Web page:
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Japanese leader reaps higher approval rating following summit trip to U.S.

Japanese leader reaps higher approval rating following summit trip to U.S.

Japanese Prime Minister Shinzo Abe's approval ratings have edged higher after his first summit trip to the United States and friendly talks with President George W. Bush, according to two newspaper polls Monday.
A survey published by the national Mainichi newspaper showed support for Abe's Cabinet climbing to 43 percent over the weekend, up from 35 percent in the previous survey in March.
The poll showed disapproval with Abe's government slipping 9 percentage points to 33 percent, marking the first major upturn since the prime minister took office in late September, the Mainichi said.
The poll was taken Saturday and Sunday, shortly after Abe's two-day visit to the U.S. for his first summit trip to Washington last week, during which the two leaders showed the world signs of a developing friendship between "Shinzo" and "George."
Also Monday, the Nikkei business newspaper published a poll showing support for Abe's government rising to 53 percent, up 10 percentage points from a March survey, with the approval rating surpassing the disapproval for the first time in two months.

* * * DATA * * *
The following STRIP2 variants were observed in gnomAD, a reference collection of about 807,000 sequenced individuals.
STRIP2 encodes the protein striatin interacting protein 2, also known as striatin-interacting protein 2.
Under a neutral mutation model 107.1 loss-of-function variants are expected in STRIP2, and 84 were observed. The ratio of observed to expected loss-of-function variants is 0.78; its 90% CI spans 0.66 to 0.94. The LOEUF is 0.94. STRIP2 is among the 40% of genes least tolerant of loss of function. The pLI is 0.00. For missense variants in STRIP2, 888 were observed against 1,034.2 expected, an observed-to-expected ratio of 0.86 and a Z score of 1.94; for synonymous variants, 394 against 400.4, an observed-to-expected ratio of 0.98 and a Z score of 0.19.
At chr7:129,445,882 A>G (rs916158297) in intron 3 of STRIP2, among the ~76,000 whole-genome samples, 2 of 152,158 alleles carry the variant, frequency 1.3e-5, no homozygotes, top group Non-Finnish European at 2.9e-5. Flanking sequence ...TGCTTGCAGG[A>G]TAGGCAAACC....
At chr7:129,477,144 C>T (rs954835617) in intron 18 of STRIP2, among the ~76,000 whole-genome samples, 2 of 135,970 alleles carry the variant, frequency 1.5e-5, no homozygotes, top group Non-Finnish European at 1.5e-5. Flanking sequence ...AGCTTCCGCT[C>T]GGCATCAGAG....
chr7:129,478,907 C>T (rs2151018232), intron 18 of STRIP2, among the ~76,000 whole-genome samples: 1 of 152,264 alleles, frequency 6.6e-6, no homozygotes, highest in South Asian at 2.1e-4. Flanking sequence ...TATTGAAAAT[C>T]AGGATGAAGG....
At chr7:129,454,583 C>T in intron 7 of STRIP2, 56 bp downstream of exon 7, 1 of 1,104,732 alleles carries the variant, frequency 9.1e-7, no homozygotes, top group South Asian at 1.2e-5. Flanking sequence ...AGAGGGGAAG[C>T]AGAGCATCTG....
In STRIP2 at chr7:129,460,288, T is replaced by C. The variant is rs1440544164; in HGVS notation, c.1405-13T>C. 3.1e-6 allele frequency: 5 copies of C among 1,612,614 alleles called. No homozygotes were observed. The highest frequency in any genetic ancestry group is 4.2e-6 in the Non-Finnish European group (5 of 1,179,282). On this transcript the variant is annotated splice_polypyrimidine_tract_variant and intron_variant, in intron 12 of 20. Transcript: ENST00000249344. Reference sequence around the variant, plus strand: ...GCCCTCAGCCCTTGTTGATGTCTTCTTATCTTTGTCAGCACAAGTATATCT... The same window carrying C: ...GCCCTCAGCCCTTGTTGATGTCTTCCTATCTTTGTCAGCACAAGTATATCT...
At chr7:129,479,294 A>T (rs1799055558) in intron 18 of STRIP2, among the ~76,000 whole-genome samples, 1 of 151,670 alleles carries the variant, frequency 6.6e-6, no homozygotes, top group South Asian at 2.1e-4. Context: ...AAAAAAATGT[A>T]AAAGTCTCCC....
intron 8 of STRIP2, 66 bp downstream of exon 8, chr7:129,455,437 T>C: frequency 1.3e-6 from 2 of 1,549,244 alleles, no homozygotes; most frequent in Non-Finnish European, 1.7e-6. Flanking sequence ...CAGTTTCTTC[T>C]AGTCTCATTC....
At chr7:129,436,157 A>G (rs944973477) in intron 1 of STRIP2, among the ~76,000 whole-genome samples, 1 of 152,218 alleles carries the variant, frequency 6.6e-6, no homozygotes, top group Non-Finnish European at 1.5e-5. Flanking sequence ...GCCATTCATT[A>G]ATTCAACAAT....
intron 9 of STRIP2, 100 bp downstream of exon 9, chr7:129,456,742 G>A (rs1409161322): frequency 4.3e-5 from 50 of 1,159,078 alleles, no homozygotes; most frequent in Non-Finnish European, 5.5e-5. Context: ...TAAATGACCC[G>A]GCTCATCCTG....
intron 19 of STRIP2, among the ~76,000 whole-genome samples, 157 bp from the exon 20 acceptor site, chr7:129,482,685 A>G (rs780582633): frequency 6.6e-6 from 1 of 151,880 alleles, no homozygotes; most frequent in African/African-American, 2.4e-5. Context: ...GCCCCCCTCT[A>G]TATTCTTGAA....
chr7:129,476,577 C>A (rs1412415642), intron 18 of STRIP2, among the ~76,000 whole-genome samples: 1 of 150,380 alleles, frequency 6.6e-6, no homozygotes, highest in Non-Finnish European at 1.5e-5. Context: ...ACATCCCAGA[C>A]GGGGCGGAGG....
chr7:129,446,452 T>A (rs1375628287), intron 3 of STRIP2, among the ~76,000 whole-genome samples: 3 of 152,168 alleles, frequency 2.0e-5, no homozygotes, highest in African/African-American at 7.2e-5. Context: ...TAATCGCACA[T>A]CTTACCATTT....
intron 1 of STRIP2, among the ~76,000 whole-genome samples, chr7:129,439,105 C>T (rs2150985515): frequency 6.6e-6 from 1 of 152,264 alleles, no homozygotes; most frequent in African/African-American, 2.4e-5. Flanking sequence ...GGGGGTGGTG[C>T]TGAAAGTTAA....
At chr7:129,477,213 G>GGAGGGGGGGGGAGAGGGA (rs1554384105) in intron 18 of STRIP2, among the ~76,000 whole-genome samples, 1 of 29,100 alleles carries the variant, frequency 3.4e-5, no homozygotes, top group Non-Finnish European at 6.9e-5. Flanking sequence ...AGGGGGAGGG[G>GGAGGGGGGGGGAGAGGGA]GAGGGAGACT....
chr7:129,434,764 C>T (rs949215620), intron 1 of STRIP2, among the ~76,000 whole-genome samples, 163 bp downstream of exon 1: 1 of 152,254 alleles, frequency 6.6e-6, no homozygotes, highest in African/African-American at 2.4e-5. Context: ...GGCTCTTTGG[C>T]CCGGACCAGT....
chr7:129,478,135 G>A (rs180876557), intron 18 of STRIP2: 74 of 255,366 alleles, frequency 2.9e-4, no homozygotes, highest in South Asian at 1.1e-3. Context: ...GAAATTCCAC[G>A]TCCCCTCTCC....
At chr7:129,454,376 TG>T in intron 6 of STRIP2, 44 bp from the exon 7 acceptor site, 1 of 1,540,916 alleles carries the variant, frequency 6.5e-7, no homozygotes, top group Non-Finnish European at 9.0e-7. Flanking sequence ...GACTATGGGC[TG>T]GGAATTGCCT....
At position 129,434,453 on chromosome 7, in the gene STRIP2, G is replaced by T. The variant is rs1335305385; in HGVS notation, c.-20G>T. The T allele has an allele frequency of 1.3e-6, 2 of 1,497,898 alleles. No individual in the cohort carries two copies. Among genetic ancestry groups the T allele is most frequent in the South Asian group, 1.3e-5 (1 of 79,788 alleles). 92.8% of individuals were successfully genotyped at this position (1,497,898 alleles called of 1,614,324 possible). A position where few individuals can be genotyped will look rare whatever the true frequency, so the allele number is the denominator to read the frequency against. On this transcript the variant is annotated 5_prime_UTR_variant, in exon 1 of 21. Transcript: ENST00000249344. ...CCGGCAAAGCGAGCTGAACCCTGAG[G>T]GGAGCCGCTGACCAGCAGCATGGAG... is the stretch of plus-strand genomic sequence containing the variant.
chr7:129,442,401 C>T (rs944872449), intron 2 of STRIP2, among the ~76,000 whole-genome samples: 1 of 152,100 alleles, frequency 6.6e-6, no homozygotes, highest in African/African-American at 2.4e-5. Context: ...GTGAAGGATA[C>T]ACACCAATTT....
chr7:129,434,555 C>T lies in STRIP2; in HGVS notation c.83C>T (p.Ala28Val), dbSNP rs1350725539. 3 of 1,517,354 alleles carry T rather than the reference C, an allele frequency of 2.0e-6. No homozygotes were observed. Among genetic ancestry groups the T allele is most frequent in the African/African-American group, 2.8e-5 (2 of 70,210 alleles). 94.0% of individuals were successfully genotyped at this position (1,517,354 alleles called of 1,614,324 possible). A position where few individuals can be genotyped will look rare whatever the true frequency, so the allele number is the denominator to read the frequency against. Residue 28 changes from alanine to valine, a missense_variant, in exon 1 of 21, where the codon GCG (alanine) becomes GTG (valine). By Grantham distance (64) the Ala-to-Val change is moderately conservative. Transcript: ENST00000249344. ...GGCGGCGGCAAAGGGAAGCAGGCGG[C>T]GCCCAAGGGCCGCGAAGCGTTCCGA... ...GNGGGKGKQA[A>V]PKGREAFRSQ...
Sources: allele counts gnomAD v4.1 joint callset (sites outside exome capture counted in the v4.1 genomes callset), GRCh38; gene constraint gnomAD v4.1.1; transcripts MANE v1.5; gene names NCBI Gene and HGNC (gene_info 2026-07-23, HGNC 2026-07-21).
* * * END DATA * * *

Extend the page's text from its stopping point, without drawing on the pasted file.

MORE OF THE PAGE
The disapproval rating dipped 8 points to 37 percent from the last month, the Nikkei said. The polls also cited his government's recent push for educational and other reforms as part of a growing support.
Support for Abe, near 70 percent when he took office in September, had been declining since then following a series of scandals, missteps and gaffes by his nationalist-leaning government.
Mainichi conducted telephone interviews with 1,085 eligible voters and Nikkei interviewed 865 voters on the phone April 27-29. Either surveys gave no margin of error.